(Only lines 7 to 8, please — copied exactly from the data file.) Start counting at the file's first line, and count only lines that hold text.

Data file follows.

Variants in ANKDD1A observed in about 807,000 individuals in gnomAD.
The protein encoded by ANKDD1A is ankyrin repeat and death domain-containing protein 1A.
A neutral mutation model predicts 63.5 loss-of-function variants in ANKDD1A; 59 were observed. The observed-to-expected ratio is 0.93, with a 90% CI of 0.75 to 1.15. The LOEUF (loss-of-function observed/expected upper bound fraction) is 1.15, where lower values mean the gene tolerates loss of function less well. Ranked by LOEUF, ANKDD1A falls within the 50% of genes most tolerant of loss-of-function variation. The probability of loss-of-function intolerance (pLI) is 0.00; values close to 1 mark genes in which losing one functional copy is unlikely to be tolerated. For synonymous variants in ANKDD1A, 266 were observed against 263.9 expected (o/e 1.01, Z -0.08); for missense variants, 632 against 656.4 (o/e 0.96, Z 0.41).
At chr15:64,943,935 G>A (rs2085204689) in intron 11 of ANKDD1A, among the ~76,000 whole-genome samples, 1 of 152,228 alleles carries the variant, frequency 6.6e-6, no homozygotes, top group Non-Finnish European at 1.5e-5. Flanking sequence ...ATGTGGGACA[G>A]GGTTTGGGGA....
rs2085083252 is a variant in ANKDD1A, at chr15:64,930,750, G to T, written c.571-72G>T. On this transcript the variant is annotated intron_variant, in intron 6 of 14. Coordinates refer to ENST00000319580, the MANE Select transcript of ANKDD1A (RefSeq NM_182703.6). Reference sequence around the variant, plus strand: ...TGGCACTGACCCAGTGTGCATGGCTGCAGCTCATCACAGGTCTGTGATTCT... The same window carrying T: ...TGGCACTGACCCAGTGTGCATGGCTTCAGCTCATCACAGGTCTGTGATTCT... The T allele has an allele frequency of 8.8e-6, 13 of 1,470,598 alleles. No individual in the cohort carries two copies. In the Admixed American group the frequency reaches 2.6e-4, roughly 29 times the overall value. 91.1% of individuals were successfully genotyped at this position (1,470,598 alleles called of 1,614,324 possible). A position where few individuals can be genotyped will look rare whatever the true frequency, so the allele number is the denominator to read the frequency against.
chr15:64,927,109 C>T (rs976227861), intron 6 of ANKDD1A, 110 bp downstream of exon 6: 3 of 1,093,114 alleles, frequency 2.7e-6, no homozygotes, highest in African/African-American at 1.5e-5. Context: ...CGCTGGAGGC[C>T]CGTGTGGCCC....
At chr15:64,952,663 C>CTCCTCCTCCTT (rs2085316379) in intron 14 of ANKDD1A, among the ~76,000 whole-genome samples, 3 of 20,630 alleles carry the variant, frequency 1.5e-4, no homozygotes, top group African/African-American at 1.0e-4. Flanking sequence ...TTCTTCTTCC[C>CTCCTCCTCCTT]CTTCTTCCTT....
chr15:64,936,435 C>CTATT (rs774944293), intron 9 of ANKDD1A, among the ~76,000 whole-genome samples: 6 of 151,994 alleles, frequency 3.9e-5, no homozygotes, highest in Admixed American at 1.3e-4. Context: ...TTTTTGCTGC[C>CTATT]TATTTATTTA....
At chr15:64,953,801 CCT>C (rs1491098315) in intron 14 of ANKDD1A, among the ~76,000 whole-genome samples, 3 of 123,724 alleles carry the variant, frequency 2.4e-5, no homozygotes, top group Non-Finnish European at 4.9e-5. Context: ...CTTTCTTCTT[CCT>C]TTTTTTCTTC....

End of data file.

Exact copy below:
At chr15:64,952,663 C>CTCCTCCTCCTT (rs2085316379) in intron 14 of ANKDD1A, among the ~76,000 whole-genome samples, 3 of 20,630 alleles carry the variant, frequency 1.5e-4, no homozygotes, top group African/African-American at 1.0e-4. Flanking sequence ...TTCTTCTTCC[C>CTCCTCCTCCTT]CTTCTTCCTT....
chr15:64,936,435 C>CTATT (rs774944293), intron 9 of ANKDD1A, among the ~76,000 whole-genome samples: 6 of 151,994 alleles, frequency 3.9e-5, no homozygotes, highest in Admixed American at 1.3e-4. Context: ...TTTTTGCTGC[C>CTATT]TATTTATTTA....